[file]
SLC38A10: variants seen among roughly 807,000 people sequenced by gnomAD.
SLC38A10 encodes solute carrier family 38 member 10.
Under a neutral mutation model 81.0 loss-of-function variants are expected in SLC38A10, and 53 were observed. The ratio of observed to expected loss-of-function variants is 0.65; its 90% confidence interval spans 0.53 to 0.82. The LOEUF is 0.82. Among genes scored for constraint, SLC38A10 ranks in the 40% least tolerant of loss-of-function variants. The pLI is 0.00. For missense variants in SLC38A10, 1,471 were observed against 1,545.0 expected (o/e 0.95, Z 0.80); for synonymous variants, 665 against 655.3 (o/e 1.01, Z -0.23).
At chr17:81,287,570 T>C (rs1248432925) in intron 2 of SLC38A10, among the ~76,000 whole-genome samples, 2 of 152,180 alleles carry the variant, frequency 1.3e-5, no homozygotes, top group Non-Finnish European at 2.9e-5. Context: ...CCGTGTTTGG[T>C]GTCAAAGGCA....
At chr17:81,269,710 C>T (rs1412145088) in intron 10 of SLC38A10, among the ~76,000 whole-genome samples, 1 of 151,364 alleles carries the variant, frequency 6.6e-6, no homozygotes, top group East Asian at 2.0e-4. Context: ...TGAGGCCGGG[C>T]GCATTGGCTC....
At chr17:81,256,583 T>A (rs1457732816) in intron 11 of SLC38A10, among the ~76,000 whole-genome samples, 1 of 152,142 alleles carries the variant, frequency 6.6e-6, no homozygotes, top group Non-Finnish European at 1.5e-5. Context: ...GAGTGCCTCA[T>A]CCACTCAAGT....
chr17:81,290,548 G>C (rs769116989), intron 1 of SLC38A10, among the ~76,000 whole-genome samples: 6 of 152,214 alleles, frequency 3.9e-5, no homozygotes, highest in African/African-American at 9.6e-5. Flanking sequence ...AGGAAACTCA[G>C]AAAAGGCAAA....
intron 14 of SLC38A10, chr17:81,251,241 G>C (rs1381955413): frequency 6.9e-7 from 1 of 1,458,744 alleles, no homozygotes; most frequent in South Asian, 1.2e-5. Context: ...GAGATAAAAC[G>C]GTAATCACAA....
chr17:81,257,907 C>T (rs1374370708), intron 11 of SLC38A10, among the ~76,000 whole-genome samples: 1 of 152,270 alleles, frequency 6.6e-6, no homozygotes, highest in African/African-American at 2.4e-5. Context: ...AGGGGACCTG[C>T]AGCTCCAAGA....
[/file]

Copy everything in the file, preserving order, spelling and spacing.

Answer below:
SLC38A10: variants seen among roughly 807,000 people sequenced by gnomAD.
SLC38A10 encodes solute carrier family 38 member 10.
Under a neutral mutation model 81.0 loss-of-function variants are expected in SLC38A10, and 53 were observed. The ratio of observed to expected loss-of-function variants is 0.65; its 90% confidence interval spans 0.53 to 0.82. The LOEUF is 0.82. Among genes scored for constraint, SLC38A10 ranks in the 40% least tolerant of loss-of-function variants. The pLI is 0.00. For missense variants in SLC38A10, 1,471 were observed against 1,545.0 expected (o/e 0.95, Z 0.80); for synonymous variants, 665 against 655.3 (o/e 1.01, Z -0.23).
At chr17:81,287,570 T>C (rs1248432925) in intron 2 of SLC38A10, among the ~76,000 whole-genome samples, 2 of 152,180 alleles carry the variant, frequency 1.3e-5, no homozygotes, top group Non-Finnish European at 2.9e-5. Context: ...CCGTGTTTGG[T>C]GTCAAAGGCA....
At chr17:81,269,710 C>T (rs1412145088) in intron 10 of SLC38A10, among the ~76,000 whole-genome samples, 1 of 151,364 alleles carries the variant, frequency 6.6e-6, no homozygotes, top group East Asian at 2.0e-4. Context: ...TGAGGCCGGG[C>T]GCATTGGCTC....
At chr17:81,256,583 T>A (rs1457732816) in intron 11 of SLC38A10, among the ~76,000 whole-genome samples, 1 of 152,142 alleles carries the variant, frequency 6.6e-6, no homozygotes, top group Non-Finnish European at 1.5e-5. Context: ...GAGTGCCTCA[T>A]CCACTCAAGT....
chr17:81,290,548 G>C (rs769116989), intron 1 of SLC38A10, among the ~76,000 whole-genome samples: 6 of 152,214 alleles, frequency 3.9e-5, no homozygotes, highest in African/African-American at 9.6e-5. Flanking sequence ...AGGAAACTCA[G>C]AAAAGGCAAA....
intron 14 of SLC38A10, chr17:81,251,241 G>C (rs1381955413): frequency 6.9e-7 from 1 of 1,458,744 alleles, no homozygotes; most frequent in South Asian, 1.2e-5. Context: ...GAGATAAAAC[G>C]GTAATCACAA....
chr17:81,257,907 C>T (rs1374370708), intron 11 of SLC38A10, among the ~76,000 whole-genome samples: 1 of 152,270 alleles, frequency 6.6e-6, no homozygotes, highest in African/African-American at 2.4e-5. Context: ...AGGGGACCTG[C>T]AGCTCCAAGA....